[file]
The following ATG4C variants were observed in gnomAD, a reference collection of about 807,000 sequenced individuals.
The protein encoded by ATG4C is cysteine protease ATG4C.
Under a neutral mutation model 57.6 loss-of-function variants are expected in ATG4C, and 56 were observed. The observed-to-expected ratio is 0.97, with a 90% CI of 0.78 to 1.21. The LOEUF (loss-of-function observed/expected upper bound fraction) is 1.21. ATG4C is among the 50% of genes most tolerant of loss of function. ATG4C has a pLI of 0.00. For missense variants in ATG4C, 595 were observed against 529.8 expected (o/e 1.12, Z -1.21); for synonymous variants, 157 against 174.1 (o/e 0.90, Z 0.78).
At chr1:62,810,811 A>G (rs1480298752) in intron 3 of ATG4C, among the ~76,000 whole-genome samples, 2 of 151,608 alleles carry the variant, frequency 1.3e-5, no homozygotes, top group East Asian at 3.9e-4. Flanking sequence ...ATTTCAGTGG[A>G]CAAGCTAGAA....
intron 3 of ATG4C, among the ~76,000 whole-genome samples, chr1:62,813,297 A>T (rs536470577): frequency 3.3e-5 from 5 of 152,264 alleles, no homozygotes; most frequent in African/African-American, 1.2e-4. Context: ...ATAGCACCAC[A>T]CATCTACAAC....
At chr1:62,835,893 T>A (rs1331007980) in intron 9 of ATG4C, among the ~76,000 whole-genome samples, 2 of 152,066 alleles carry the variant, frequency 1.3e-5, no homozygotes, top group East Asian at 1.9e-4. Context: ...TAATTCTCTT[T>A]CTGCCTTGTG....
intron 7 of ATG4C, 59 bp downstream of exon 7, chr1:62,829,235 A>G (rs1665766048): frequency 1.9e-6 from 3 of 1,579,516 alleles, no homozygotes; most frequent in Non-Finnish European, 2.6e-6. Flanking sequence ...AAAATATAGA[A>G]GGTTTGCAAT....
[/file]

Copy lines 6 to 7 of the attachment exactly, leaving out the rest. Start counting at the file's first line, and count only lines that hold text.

At chr1:62,835,893 T>A (rs1331007980) in intron 9 of ATG4C, among the ~76,000 whole-genome samples, 2 of 152,066 alleles carry the variant, frequency 1.3e-5, no homozygotes, top group East Asian at 1.9e-4. Context: ...TAATTCTCTT[T>A]CTGCCTTGTG....
intron 7 of ATG4C, 59 bp downstream of exon 7, chr1:62,829,235 A>G (rs1665766048): frequency 1.9e-6 from 3 of 1,579,516 alleles, no homozygotes; most frequent in Non-Finnish European, 2.6e-6. Flanking sequence ...AAAATATAGA[A>G]GGTTTGCAAT....